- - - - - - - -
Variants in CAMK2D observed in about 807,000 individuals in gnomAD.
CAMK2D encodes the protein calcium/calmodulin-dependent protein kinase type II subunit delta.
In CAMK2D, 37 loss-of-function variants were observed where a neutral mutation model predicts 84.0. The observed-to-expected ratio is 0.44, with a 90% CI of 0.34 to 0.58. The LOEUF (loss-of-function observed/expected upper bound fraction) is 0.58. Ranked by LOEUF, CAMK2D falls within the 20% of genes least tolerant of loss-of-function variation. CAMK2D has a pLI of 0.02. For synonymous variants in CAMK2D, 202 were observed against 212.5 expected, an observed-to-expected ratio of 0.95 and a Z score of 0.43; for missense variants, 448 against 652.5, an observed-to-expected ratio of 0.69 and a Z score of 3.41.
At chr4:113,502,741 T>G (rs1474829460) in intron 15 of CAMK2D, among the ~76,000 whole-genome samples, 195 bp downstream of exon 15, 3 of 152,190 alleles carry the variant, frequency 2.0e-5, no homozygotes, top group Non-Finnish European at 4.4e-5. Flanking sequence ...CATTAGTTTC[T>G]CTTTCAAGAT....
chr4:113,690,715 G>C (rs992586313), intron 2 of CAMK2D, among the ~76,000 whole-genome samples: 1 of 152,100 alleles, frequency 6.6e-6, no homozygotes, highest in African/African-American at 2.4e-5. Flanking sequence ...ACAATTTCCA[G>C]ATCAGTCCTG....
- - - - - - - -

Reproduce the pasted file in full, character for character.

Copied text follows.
Variants in CAMK2D observed in about 807,000 individuals in gnomAD.
CAMK2D encodes the protein calcium/calmodulin-dependent protein kinase type II subunit delta.
In CAMK2D, 37 loss-of-function variants were observed where a neutral mutation model predicts 84.0. The observed-to-expected ratio is 0.44, with a 90% CI of 0.34 to 0.58. The LOEUF (loss-of-function observed/expected upper bound fraction) is 0.58. Ranked by LOEUF, CAMK2D falls within the 20% of genes least tolerant of loss-of-function variation. CAMK2D has a pLI of 0.02. For synonymous variants in CAMK2D, 202 were observed against 212.5 expected, an observed-to-expected ratio of 0.95 and a Z score of 0.43; for missense variants, 448 against 652.5, an observed-to-expected ratio of 0.69 and a Z score of 3.41.
At chr4:113,502,741 T>G (rs1474829460) in intron 15 of CAMK2D, among the ~76,000 whole-genome samples, 195 bp downstream of exon 15, 3 of 152,190 alleles carry the variant, frequency 2.0e-5, no homozygotes, top group Non-Finnish European at 4.4e-5. Flanking sequence ...CATTAGTTTC[T>G]CTTTCAAGAT....
chr4:113,690,715 G>C (rs992586313), intron 2 of CAMK2D, among the ~76,000 whole-genome samples: 1 of 152,100 alleles, frequency 6.6e-6, no homozygotes, highest in African/African-American at 2.4e-5. Flanking sequence ...ACAATTTCCA[G>C]ATCAGTCCTG....